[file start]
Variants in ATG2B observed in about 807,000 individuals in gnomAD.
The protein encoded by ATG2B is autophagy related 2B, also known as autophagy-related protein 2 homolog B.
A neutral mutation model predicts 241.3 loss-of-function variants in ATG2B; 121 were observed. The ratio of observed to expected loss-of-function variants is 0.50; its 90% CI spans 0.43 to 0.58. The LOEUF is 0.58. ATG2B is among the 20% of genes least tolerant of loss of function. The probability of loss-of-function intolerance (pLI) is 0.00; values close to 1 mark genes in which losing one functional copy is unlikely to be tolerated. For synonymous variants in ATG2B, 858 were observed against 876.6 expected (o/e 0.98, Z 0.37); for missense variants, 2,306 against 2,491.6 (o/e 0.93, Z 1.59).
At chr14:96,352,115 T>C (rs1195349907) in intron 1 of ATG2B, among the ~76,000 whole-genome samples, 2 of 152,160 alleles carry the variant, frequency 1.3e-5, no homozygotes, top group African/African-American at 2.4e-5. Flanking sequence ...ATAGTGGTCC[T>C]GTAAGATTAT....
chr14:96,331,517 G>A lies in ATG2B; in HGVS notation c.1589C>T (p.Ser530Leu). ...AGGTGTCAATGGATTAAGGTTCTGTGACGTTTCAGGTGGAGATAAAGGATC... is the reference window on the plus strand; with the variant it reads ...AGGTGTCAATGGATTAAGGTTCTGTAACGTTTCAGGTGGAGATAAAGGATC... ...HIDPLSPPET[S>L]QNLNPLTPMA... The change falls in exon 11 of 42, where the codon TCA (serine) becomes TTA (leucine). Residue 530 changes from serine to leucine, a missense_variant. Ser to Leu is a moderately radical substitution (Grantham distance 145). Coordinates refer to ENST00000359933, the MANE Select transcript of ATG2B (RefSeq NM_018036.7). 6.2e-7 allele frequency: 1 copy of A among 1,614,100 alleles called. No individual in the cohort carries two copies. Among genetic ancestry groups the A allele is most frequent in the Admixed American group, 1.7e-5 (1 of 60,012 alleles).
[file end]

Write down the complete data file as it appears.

Variants in ATG2B observed in about 807,000 individuals in gnomAD.
The protein encoded by ATG2B is autophagy related 2B, also known as autophagy-related protein 2 homolog B.
A neutral mutation model predicts 241.3 loss-of-function variants in ATG2B; 121 were observed. The ratio of observed to expected loss-of-function variants is 0.50; its 90% CI spans 0.43 to 0.58. The LOEUF is 0.58. ATG2B is among the 20% of genes least tolerant of loss of function. The probability of loss-of-function intolerance (pLI) is 0.00; values close to 1 mark genes in which losing one functional copy is unlikely to be tolerated. For synonymous variants in ATG2B, 858 were observed against 876.6 expected (o/e 0.98, Z 0.37); for missense variants, 2,306 against 2,491.6 (o/e 0.93, Z 1.59).
At chr14:96,352,115 T>C (rs1195349907) in intron 1 of ATG2B, among the ~76,000 whole-genome samples, 2 of 152,160 alleles carry the variant, frequency 1.3e-5, no homozygotes, top group African/African-American at 2.4e-5. Flanking sequence ...ATAGTGGTCC[T>C]GTAAGATTAT....
chr14:96,331,517 G>A lies in ATG2B; in HGVS notation c.1589C>T (p.Ser530Leu). ...AGGTGTCAATGGATTAAGGTTCTGTGACGTTTCAGGTGGAGATAAAGGATC... is the reference window on the plus strand; with the variant it reads ...AGGTGTCAATGGATTAAGGTTCTGTAACGTTTCAGGTGGAGATAAAGGATC... ...HIDPLSPPET[S>L]QNLNPLTPMA... The change falls in exon 11 of 42, where the codon TCA (serine) becomes TTA (leucine). Residue 530 changes from serine to leucine, a missense_variant. Ser to Leu is a moderately radical substitution (Grantham distance 145). Coordinates refer to ENST00000359933, the MANE Select transcript of ATG2B (RefSeq NM_018036.7). 6.2e-7 allele frequency: 1 copy of A among 1,614,100 alleles called. No individual in the cohort carries two copies. Among genetic ancestry groups the A allele is most frequent in the Admixed American group, 1.7e-5 (1 of 60,012 alleles).